SHOCK: DOJ DROPS 2 Child Porn Cases to Keep WikiLeaks Docs Secret

Playpen pervert to face no minimum sentence; federal prosecutors to keep public, but still-classified, WikiLeaks docs from being exposed.

Federal prosecutors in Tacoma, Washington have dropped TWO cases related to child pornography that David Tippens acquired through the now-defunct website “Playpen”, which hosted child porn hidden via Tor.

This means Tippens will face only one count of possession of child pornography, which carries NO minimum sentence – this scum will go without any real penalty.

Tippens is only part of a much larger story: over 200 prosecutions are taking place nationwide that are related to the Playpen situation. The FBI ran the site for 13-days in 2015 before shutting it down, which was one of the most unprecedented, and not to mention illegal, hacking operations that we know of.

An Ars Technica article discussed the details in depth:

Federal authorities deployed an exploit to logged-in users of the site, which had the effect of forcing users’ computers to expose their true IP address. With such information, translating an IP address into a person’s name became trivial for the investigators. The Department of Justice has called this exploit a “network investigative technique,” (NIT) while many security experts have dubbed it as “malware.”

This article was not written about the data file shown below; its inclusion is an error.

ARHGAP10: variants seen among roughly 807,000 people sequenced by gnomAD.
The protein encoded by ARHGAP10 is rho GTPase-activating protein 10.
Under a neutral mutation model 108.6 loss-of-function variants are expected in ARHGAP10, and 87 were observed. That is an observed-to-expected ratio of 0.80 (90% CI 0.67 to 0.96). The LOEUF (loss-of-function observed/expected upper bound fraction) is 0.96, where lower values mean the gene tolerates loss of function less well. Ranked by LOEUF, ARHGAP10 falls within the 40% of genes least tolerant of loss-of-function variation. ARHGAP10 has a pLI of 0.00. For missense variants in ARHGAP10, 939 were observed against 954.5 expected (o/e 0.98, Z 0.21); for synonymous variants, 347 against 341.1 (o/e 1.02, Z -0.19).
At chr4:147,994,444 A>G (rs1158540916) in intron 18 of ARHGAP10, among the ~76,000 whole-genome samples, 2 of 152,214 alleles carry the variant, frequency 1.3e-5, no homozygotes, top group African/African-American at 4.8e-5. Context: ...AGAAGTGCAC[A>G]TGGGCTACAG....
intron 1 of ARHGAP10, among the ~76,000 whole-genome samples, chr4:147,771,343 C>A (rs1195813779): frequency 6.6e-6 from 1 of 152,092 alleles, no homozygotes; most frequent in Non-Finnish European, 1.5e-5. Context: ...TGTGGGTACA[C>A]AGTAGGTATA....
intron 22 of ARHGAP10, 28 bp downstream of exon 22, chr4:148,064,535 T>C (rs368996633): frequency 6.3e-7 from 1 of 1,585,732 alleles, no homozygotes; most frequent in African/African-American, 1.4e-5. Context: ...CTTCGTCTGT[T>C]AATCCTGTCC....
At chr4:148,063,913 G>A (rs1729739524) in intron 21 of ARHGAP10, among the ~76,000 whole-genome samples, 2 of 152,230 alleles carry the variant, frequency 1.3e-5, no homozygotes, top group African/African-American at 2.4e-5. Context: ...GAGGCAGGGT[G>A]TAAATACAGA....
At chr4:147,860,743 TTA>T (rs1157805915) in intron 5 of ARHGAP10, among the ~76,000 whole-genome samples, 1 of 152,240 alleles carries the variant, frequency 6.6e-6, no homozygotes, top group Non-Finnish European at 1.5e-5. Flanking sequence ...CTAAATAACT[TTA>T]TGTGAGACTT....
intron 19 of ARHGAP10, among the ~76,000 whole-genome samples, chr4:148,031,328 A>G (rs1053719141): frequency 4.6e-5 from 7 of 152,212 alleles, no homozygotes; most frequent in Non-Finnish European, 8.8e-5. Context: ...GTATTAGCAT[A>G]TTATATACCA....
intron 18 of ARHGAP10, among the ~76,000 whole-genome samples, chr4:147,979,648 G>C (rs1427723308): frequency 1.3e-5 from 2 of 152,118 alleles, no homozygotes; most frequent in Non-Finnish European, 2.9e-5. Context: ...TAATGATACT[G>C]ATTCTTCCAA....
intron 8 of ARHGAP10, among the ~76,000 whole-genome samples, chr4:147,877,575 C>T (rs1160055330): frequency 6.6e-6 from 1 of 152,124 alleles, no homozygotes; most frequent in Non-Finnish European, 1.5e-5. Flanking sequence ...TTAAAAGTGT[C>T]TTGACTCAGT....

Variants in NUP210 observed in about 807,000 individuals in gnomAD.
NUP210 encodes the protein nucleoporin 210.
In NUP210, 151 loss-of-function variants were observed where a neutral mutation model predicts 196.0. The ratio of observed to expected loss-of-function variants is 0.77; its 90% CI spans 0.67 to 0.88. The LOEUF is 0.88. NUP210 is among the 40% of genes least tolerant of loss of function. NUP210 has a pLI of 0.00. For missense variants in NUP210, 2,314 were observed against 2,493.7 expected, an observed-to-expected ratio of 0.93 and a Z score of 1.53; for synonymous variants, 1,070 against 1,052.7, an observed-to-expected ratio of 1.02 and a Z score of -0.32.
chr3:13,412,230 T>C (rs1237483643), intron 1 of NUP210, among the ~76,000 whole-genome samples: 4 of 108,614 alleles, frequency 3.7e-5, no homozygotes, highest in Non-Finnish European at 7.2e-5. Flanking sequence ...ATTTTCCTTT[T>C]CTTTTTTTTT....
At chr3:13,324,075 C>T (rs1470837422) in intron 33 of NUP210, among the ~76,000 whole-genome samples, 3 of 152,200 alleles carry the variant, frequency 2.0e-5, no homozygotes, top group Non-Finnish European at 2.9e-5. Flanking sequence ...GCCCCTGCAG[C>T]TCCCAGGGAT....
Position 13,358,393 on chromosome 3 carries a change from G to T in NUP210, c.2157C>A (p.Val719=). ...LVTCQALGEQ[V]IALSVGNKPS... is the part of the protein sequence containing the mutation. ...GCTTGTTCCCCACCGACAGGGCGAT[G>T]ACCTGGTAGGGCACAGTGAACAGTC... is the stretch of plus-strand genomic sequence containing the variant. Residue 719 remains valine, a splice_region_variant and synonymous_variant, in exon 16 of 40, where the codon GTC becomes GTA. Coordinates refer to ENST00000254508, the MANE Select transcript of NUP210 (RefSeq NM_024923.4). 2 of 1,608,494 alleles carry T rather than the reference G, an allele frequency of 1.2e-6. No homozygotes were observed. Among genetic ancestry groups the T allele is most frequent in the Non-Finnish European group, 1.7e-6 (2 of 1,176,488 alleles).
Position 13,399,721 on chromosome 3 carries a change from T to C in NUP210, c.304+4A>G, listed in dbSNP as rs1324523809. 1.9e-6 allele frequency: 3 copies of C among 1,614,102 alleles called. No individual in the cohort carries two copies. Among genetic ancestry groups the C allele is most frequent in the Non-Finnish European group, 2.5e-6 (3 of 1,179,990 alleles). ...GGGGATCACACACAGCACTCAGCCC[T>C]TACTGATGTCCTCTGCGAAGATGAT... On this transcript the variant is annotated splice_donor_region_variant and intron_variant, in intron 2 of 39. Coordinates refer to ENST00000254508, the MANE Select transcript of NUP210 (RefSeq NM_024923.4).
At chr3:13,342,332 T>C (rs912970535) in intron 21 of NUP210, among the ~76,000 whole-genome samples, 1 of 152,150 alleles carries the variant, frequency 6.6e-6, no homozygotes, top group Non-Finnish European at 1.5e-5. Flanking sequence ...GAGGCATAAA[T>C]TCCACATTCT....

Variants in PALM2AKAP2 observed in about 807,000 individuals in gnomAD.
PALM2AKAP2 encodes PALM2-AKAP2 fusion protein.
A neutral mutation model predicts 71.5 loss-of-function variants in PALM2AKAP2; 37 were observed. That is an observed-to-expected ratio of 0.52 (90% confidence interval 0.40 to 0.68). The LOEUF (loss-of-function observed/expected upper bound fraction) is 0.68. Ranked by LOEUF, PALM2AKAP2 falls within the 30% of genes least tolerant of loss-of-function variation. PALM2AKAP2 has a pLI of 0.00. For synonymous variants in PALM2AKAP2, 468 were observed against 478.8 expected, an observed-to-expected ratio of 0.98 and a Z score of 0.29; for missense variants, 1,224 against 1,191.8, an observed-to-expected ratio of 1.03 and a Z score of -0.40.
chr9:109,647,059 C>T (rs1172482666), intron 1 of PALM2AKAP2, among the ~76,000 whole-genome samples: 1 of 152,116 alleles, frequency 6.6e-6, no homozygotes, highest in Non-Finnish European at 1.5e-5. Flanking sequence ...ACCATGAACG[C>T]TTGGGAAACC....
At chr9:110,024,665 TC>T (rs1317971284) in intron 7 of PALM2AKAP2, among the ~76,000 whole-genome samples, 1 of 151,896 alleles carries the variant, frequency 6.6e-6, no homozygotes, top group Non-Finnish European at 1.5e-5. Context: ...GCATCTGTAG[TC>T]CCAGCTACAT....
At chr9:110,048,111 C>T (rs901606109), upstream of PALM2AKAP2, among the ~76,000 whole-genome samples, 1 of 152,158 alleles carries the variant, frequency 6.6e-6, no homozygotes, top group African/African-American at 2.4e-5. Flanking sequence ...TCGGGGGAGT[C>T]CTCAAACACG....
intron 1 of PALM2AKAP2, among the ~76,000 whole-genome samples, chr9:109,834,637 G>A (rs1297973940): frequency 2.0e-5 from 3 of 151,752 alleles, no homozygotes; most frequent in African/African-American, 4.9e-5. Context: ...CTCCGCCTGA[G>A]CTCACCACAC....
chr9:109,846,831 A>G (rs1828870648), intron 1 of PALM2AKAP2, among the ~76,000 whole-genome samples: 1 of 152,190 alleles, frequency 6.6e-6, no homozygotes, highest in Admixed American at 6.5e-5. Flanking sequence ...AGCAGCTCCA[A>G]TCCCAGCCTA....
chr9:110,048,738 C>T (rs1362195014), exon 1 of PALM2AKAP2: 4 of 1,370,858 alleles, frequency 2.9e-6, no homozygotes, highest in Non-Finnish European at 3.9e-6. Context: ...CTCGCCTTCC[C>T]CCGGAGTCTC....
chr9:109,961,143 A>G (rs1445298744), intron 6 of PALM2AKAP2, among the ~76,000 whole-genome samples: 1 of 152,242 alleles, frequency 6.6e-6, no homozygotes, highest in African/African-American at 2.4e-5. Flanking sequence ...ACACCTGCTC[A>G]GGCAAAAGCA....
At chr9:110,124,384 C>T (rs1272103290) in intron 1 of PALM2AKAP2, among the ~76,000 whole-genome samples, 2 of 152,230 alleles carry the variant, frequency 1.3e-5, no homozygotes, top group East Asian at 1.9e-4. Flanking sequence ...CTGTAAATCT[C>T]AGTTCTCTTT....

The controversy of the Tippens case comes down to lawyers neglecting to utilize new legal guides (detailed in another Ars Technica article) that would allow for the still-classified leaked documents from WikiLeaks to be used as evidence. The technicalities active in this case present a slew of new and difficult realities for lawyers attempting to understand the technological elements of such cases in relation to government hacking and leaked documents that are both public and classified.

The judge summarized the government’s ability to, “hack into a computer without leaving any trace that it had been hacked or that an exploit had been placed on it,” knowing full well the loaded nature of these revelations.

The result of the ambiguity in the case and the failure of the FBI means that Tippens was successful in getting the judge to remove two counts: 1) receipt of child pornography; 2) transportation of child pornography, which, if coupled together, would mean a 5 to 20-year sentence. Sad and disgusting.

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